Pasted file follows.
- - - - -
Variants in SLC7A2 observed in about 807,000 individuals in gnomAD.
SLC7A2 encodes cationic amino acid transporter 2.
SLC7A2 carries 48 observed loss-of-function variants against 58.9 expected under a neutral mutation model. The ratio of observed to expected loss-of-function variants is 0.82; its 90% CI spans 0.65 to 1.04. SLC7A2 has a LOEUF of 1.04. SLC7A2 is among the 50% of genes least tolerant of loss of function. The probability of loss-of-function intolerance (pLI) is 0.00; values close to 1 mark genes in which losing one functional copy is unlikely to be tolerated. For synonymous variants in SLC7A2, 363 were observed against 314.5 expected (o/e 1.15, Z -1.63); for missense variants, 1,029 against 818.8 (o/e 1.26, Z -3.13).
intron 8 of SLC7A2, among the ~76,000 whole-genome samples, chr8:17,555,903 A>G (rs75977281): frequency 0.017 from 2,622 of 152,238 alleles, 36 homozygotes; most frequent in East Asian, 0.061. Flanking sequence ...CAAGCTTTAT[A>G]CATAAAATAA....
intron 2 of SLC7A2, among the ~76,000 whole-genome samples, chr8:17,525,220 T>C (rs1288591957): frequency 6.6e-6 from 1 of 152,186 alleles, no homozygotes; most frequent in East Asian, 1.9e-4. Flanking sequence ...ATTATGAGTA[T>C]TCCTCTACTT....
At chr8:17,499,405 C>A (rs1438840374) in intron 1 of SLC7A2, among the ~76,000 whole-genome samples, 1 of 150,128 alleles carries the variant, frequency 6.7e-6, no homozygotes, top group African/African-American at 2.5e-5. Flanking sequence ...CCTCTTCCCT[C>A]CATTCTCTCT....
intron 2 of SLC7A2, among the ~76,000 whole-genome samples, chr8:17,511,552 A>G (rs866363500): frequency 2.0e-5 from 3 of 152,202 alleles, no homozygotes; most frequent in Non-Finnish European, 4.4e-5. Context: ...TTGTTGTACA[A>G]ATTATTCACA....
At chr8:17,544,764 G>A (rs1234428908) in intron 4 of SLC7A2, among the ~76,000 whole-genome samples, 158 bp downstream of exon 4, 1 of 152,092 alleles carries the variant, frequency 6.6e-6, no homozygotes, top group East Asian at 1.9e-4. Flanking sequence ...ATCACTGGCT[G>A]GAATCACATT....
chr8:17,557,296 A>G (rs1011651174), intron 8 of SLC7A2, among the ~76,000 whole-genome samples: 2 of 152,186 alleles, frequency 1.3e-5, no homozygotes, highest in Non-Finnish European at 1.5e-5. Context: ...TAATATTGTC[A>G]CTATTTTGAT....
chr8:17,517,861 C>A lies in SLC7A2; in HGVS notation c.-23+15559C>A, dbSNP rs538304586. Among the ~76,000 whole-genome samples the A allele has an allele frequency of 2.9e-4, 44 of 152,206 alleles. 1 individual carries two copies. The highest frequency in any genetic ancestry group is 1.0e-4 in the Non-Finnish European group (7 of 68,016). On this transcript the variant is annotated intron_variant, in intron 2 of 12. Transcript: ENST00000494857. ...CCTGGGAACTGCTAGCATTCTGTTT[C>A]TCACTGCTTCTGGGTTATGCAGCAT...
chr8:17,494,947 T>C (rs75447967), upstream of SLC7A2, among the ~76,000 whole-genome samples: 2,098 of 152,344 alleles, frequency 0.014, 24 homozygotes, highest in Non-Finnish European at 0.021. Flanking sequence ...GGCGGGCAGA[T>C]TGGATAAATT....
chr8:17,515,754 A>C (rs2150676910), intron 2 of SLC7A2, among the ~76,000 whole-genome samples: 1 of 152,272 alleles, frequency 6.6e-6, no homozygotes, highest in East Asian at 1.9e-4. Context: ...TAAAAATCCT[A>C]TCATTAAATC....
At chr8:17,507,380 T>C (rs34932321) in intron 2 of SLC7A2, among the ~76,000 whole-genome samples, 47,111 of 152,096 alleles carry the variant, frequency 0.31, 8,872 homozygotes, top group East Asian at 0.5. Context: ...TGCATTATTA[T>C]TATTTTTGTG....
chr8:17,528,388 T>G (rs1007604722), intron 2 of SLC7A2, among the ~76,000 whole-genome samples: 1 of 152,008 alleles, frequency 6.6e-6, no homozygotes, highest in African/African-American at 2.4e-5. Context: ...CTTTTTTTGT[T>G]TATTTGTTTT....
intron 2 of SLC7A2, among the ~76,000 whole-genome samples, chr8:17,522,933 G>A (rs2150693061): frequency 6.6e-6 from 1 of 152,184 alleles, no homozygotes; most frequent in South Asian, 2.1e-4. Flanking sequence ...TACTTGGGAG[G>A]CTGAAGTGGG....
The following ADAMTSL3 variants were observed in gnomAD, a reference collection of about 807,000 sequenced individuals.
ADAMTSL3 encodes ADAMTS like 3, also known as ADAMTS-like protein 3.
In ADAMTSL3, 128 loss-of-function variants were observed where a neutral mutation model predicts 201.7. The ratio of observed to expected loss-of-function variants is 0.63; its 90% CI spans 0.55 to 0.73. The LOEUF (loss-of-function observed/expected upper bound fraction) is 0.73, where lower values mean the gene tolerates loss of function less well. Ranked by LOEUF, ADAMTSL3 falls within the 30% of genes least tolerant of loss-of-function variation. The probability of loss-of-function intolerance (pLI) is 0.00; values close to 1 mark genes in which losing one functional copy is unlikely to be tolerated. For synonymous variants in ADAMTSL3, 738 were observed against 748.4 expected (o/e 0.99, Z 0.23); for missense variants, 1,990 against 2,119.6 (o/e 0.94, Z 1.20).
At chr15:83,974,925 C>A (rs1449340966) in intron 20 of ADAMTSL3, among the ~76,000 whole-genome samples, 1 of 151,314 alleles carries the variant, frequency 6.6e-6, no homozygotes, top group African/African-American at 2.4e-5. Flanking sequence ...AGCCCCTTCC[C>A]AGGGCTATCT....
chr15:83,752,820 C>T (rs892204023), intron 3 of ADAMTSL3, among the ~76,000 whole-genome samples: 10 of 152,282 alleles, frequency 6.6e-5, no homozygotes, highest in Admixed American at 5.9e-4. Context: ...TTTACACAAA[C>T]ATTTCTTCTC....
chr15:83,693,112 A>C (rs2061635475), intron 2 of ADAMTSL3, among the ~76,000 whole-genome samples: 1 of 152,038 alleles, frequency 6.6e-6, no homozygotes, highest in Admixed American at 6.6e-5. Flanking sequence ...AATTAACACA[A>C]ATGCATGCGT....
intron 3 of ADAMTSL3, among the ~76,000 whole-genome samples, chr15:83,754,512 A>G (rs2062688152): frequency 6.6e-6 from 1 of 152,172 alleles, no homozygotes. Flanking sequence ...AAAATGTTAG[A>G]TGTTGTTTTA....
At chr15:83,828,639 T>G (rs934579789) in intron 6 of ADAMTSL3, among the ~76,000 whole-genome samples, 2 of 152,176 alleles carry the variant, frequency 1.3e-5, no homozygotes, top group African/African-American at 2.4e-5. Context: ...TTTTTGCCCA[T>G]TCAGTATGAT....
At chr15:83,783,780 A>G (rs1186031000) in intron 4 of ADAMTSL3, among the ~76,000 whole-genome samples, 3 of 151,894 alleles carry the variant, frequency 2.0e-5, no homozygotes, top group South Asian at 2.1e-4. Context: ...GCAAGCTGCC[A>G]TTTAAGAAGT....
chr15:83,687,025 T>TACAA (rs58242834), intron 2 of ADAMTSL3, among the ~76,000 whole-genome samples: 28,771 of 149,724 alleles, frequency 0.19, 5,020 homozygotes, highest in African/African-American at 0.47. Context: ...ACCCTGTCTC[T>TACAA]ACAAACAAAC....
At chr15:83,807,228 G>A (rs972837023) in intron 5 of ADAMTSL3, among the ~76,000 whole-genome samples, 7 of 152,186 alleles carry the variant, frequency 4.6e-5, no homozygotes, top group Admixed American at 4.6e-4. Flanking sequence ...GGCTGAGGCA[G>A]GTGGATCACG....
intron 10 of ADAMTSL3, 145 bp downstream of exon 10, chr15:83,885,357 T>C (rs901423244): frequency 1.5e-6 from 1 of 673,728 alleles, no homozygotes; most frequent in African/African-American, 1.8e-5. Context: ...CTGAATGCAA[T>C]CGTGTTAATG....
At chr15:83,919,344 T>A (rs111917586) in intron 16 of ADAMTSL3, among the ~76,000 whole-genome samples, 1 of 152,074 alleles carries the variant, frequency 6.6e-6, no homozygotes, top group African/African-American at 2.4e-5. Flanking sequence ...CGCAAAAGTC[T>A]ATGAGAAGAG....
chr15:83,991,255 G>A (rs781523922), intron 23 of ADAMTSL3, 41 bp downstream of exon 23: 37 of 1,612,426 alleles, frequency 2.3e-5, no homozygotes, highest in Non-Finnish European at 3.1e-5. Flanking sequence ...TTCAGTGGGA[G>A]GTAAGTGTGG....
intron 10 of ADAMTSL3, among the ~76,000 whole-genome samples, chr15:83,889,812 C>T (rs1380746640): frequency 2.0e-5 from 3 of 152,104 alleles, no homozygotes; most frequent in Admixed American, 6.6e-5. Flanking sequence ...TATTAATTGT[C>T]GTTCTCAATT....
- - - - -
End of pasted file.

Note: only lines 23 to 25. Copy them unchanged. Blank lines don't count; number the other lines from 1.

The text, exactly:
At chr15:83,828,639 T>G (rs934579789) in intron 6 of ADAMTSL3, among the ~76,000 whole-genome samples, 2 of 152,176 alleles carry the variant, frequency 1.3e-5, no homozygotes, top group African/African-American at 2.4e-5. Context: ...TTTTTGCCCA[T>G]TCAGTATGAT....
At chr15:83,783,780 A>G (rs1186031000) in intron 4 of ADAMTSL3, among the ~76,000 whole-genome samples, 3 of 151,894 alleles carry the variant, frequency 2.0e-5, no homozygotes, top group South Asian at 2.1e-4. Context: ...GCAAGCTGCC[A>G]TTTAAGAAGT....
chr15:83,687,025 T>TACAA (rs58242834), intron 2 of ADAMTSL3, among the ~76,000 whole-genome samples: 28,771 of 149,724 alleles, frequency 0.19, 5,020 homozygotes, highest in African/African-American at 0.47. Context: ...ACCCTGTCTC[T>TACAA]ACAAACAAAC....